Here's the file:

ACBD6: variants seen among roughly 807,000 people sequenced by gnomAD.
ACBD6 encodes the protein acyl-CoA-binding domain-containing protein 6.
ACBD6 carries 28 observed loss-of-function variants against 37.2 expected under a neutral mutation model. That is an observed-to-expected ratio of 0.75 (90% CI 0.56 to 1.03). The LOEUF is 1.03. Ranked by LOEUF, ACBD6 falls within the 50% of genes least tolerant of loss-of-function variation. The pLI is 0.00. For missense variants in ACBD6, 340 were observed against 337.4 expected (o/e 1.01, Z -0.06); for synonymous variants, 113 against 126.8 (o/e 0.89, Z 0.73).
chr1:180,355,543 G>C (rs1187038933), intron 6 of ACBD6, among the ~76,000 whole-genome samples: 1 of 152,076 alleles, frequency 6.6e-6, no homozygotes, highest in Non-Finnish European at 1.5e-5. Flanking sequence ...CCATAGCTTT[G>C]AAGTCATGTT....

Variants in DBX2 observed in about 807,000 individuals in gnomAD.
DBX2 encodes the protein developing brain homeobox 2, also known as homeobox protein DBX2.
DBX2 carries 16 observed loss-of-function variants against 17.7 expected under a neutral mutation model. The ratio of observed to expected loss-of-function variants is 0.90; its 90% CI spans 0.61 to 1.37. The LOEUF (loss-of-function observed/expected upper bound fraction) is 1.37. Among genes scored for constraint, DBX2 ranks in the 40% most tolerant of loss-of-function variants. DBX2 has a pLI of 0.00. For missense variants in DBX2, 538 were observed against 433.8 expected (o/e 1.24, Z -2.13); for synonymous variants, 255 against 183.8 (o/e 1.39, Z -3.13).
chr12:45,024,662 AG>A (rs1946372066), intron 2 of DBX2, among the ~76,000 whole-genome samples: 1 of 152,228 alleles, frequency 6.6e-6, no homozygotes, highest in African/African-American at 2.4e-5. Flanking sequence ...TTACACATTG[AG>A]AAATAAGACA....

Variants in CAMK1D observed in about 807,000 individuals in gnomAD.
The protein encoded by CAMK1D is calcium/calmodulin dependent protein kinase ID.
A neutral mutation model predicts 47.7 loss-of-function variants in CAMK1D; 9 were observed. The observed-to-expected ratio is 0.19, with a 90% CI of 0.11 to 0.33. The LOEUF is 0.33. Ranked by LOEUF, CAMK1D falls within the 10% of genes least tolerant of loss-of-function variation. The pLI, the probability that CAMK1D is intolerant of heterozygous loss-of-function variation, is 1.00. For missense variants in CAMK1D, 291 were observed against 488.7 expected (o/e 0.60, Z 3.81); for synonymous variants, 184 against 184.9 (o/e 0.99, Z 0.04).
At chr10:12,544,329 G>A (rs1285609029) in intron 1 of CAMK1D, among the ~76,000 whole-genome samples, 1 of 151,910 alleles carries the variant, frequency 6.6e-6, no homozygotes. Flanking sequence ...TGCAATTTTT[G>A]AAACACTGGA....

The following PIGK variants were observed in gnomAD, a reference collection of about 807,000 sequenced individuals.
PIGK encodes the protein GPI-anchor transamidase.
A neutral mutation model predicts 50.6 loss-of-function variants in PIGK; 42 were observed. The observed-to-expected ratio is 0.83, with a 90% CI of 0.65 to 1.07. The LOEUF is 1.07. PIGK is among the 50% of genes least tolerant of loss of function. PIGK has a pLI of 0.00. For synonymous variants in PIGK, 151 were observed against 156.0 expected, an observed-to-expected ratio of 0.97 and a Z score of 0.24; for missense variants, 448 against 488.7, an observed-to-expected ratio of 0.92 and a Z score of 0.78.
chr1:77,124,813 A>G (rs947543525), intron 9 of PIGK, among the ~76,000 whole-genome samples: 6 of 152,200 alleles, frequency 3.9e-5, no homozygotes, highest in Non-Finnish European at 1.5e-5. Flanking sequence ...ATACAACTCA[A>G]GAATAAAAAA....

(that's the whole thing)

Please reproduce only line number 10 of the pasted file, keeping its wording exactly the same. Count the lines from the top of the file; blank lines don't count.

The protein encoded by CAMK1D is calcium/calmodulin dependent protein kinase ID.